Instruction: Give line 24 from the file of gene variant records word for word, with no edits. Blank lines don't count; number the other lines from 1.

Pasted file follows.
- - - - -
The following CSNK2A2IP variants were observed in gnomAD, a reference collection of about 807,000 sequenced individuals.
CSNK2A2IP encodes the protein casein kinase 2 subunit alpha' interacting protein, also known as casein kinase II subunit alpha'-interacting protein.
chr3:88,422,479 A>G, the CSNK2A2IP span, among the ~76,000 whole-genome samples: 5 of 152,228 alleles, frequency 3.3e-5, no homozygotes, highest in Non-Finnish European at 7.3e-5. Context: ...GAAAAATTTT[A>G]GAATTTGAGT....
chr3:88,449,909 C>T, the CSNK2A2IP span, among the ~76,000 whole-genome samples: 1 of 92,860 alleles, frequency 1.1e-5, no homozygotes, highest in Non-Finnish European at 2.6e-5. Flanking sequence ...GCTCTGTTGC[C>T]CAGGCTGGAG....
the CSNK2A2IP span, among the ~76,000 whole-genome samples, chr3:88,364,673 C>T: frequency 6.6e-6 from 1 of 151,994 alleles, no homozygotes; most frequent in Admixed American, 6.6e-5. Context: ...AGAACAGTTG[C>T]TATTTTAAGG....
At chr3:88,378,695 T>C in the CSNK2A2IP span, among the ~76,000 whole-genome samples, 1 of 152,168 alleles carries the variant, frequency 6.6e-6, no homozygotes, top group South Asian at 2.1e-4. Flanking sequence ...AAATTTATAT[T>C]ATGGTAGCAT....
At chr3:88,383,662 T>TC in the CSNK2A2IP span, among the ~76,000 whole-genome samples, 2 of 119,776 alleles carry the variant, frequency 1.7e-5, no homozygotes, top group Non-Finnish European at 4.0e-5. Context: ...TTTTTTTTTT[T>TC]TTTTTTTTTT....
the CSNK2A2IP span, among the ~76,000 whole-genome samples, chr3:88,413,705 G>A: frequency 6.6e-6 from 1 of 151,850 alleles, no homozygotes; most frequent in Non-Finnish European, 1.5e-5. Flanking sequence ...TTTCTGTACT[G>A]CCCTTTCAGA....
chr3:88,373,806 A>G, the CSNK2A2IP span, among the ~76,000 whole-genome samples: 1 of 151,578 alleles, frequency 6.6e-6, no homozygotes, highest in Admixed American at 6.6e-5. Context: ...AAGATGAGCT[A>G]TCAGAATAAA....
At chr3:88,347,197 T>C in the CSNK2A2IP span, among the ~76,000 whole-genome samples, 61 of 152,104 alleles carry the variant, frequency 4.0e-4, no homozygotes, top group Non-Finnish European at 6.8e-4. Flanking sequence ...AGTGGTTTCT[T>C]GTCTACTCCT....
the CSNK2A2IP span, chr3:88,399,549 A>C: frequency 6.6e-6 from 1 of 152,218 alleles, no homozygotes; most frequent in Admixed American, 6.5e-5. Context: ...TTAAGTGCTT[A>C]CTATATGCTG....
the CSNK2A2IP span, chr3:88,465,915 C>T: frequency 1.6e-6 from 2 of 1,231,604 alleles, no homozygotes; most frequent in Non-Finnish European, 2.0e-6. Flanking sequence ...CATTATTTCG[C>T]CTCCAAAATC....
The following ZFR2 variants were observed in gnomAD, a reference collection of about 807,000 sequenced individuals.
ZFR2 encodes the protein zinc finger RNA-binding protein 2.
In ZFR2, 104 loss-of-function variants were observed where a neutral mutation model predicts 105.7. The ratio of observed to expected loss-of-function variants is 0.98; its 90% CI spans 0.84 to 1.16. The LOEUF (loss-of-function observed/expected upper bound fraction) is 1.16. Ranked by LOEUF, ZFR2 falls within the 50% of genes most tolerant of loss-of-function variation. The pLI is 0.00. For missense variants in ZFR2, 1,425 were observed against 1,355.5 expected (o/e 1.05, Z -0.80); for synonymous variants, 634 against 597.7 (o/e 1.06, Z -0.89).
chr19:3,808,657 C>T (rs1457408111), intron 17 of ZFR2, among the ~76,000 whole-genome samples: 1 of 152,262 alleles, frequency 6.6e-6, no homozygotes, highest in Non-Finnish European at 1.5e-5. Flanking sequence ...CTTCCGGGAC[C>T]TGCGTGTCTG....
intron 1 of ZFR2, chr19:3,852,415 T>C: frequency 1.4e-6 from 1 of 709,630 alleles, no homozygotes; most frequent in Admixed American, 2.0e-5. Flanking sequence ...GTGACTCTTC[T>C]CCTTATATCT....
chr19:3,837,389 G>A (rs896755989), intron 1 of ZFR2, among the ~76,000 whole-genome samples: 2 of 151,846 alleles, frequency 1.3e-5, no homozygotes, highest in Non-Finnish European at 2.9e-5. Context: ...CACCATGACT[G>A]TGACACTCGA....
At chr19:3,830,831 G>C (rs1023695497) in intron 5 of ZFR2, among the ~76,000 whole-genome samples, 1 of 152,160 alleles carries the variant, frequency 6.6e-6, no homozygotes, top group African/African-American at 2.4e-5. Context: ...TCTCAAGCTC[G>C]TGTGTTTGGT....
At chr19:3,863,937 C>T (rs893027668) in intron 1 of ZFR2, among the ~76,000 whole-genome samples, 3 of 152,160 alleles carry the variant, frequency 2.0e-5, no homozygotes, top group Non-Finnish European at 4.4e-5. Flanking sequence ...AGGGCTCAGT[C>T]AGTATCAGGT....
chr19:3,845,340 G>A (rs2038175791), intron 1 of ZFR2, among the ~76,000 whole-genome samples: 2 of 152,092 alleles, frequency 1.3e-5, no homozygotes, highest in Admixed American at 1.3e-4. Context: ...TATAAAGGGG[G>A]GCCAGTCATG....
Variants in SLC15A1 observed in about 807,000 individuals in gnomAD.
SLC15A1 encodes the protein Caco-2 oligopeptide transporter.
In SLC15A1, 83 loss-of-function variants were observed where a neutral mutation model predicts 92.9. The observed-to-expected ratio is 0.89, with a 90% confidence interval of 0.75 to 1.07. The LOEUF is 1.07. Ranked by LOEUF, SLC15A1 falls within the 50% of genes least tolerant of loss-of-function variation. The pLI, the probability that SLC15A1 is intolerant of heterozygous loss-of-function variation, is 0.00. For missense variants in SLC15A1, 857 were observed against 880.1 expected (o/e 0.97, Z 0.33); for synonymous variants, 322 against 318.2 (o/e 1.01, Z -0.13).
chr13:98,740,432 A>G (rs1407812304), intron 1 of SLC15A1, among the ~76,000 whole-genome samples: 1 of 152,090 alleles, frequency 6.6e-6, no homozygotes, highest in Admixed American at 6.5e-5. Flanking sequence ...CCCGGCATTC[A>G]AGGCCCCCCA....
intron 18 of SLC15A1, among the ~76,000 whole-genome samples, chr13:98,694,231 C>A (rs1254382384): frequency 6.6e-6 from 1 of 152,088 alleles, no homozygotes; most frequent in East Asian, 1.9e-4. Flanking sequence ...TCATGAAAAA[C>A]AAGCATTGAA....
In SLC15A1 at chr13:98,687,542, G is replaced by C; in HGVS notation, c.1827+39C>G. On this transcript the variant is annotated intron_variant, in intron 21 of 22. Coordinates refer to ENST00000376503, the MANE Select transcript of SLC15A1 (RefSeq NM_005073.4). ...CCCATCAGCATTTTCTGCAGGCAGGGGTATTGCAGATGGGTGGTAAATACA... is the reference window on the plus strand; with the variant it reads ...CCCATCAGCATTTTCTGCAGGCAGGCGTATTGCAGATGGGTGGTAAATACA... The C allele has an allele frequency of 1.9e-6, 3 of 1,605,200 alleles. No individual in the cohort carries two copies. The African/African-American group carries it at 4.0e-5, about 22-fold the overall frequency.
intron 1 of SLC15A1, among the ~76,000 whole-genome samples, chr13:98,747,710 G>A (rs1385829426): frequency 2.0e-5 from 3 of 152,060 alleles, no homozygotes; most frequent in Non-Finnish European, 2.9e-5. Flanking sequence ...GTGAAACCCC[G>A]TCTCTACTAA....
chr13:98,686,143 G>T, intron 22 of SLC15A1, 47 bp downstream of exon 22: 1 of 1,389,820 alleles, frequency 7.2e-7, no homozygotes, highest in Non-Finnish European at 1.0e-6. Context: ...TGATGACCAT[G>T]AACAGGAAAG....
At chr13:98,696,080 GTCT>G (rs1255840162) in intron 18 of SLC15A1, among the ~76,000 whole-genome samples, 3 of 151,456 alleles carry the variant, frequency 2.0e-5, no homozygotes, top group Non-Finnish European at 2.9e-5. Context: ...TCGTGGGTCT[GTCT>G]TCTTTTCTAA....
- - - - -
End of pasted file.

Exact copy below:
In SLC15A1, 83 loss-of-function variants were observed where a neutral mutation model predicts 92.9. The observed-to-expected ratio is 0.89, with a 90% confidence interval of 0.75 to 1.07. The LOEUF is 1.07. Ranked by LOEUF, SLC15A1 falls within the 50% of genes least tolerant of loss-of-function variation. The pLI, the probability that SLC15A1 is intolerant of heterozygous loss-of-function variation, is 0.00. For missense variants in SLC15A1, 857 were observed against 880.1 expected (o/e 0.97, Z 0.33); for synonymous variants, 322 against 318.2 (o/e 1.01, Z -0.13).